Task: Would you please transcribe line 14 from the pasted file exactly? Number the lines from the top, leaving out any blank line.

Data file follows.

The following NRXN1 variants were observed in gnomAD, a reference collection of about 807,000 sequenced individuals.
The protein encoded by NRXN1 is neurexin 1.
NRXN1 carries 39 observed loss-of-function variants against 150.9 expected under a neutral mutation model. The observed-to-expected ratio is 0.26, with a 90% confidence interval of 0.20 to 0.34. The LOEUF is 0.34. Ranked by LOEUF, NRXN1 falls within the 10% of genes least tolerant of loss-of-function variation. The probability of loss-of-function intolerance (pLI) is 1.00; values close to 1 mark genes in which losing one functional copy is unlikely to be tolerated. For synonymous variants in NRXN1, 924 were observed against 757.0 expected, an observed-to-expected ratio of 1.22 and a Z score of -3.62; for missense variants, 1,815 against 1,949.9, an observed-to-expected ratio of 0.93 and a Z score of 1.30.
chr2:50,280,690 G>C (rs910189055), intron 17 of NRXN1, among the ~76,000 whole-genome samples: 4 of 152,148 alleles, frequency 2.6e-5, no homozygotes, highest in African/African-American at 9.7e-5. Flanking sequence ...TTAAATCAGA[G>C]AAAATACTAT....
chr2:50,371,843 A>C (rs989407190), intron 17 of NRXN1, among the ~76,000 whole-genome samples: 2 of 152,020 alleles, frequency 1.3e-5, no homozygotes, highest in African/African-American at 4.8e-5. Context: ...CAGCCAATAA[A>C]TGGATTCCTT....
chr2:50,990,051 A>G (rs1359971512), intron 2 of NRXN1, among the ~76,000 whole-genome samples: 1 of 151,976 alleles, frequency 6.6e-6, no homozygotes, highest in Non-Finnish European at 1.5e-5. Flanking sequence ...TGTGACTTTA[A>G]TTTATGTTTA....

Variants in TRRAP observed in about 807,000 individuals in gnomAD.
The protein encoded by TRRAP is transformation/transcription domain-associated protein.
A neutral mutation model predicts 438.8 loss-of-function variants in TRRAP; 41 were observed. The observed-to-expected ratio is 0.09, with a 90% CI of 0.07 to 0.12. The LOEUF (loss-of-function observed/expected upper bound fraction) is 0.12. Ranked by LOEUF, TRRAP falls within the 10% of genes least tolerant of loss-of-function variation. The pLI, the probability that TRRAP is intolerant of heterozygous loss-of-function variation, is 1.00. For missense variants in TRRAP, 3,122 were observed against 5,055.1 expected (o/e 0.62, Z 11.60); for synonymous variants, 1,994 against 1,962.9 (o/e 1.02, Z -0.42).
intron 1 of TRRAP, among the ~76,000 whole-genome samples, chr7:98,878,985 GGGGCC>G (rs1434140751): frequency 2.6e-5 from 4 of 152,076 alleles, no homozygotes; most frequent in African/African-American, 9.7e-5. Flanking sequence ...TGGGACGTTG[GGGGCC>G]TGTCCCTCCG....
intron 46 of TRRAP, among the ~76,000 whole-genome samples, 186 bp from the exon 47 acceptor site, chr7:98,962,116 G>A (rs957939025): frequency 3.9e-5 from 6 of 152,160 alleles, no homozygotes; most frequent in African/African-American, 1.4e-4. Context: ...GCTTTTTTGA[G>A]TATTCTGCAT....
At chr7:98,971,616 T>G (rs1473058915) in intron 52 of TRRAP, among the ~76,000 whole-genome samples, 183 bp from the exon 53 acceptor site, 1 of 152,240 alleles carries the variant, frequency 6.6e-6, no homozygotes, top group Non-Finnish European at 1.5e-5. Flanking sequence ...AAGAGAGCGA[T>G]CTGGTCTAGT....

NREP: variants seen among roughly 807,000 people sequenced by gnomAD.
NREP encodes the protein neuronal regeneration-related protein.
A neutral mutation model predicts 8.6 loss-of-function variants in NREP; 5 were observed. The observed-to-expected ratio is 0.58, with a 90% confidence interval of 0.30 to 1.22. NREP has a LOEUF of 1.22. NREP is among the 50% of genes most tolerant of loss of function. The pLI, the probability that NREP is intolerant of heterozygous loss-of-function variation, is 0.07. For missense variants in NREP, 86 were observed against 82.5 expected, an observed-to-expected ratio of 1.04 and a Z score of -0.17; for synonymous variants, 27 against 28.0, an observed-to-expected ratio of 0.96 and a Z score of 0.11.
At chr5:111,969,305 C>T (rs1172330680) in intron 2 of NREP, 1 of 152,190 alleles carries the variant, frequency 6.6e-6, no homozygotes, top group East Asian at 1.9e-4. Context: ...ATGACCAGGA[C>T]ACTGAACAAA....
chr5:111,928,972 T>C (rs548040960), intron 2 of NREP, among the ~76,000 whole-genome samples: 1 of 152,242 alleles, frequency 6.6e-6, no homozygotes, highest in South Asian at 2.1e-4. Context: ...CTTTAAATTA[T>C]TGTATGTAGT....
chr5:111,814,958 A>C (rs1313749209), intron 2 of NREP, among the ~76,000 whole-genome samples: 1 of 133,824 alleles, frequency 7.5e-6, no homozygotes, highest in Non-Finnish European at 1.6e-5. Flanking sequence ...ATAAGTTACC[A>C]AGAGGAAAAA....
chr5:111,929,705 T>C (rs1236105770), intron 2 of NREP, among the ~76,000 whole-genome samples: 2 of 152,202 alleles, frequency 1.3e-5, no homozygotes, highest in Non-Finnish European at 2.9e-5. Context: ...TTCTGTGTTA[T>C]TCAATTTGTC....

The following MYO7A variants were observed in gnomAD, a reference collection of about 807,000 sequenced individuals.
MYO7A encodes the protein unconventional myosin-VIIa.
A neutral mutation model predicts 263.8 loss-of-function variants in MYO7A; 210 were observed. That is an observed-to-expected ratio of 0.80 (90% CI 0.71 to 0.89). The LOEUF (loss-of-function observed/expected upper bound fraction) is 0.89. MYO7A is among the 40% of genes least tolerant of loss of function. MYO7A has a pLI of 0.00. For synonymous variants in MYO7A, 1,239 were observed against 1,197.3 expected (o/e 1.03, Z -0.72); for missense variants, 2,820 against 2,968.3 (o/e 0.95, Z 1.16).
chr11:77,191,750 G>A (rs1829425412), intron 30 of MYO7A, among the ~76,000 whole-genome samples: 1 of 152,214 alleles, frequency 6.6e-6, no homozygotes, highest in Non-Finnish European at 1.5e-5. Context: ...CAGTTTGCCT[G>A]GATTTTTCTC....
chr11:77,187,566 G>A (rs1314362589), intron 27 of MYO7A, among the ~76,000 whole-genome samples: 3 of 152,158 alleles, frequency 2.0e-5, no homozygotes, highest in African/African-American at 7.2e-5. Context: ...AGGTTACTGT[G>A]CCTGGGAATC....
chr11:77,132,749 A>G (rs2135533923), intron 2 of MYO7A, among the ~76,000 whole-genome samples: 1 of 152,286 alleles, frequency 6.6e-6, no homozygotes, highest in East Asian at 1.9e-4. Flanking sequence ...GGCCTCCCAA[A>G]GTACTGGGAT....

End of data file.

NREP encodes the protein neuronal regeneration-related protein.